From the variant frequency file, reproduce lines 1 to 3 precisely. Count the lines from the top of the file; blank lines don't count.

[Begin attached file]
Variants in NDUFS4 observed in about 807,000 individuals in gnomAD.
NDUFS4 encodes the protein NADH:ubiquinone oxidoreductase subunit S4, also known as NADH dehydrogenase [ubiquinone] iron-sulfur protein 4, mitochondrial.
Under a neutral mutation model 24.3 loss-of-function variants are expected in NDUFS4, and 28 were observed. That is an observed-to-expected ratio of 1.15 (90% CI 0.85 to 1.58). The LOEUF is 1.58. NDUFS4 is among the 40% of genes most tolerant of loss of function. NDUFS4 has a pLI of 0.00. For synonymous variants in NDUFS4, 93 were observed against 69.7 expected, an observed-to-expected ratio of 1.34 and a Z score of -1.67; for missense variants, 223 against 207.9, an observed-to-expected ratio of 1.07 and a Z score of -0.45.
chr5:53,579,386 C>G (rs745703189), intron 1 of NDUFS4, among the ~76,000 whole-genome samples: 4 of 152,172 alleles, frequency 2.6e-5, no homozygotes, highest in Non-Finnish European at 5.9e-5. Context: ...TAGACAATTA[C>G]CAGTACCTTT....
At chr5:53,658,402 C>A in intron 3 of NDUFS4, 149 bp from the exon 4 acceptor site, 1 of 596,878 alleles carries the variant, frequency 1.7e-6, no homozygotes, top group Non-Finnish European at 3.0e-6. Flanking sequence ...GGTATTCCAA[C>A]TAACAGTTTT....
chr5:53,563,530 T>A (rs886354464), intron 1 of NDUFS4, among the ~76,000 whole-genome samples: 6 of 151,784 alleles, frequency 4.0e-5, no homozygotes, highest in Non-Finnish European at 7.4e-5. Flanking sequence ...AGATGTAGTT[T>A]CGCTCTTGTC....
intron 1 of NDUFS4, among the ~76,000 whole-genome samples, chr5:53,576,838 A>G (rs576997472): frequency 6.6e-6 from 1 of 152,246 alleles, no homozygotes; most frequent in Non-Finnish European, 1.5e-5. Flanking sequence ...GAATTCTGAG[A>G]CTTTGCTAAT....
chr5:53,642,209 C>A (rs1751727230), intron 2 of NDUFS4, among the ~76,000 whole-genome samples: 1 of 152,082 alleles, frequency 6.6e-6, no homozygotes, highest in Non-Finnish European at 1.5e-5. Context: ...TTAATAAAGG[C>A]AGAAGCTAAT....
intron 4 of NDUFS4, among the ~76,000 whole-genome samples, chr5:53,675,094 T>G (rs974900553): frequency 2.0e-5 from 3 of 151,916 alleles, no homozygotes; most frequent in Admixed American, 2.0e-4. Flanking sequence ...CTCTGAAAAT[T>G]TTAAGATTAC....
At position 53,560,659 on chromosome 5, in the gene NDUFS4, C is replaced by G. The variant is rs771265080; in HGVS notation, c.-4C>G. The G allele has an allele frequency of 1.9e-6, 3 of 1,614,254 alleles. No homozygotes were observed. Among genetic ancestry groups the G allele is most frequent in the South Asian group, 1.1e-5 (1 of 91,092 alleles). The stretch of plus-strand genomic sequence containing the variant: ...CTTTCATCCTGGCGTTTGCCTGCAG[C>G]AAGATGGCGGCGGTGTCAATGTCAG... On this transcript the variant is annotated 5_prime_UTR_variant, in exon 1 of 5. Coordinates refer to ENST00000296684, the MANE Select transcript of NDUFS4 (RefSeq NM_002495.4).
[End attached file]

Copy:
Variants in NDUFS4 observed in about 807,000 individuals in gnomAD.
NDUFS4 encodes the protein NADH:ubiquinone oxidoreductase subunit S4, also known as NADH dehydrogenase [ubiquinone] iron-sulfur protein 4, mitochondrial.
Under a neutral mutation model 24.3 loss-of-function variants are expected in NDUFS4, and 28 were observed. That is an observed-to-expected ratio of 1.15 (90% CI 0.85 to 1.58). The LOEUF is 1.58. NDUFS4 is among the 40% of genes most tolerant of loss of function. NDUFS4 has a pLI of 0.00. For synonymous variants in NDUFS4, 93 were observed against 69.7 expected, an observed-to-expected ratio of 1.34 and a Z score of -1.67; for missense variants, 223 against 207.9, an observed-to-expected ratio of 1.07 and a Z score of -0.45.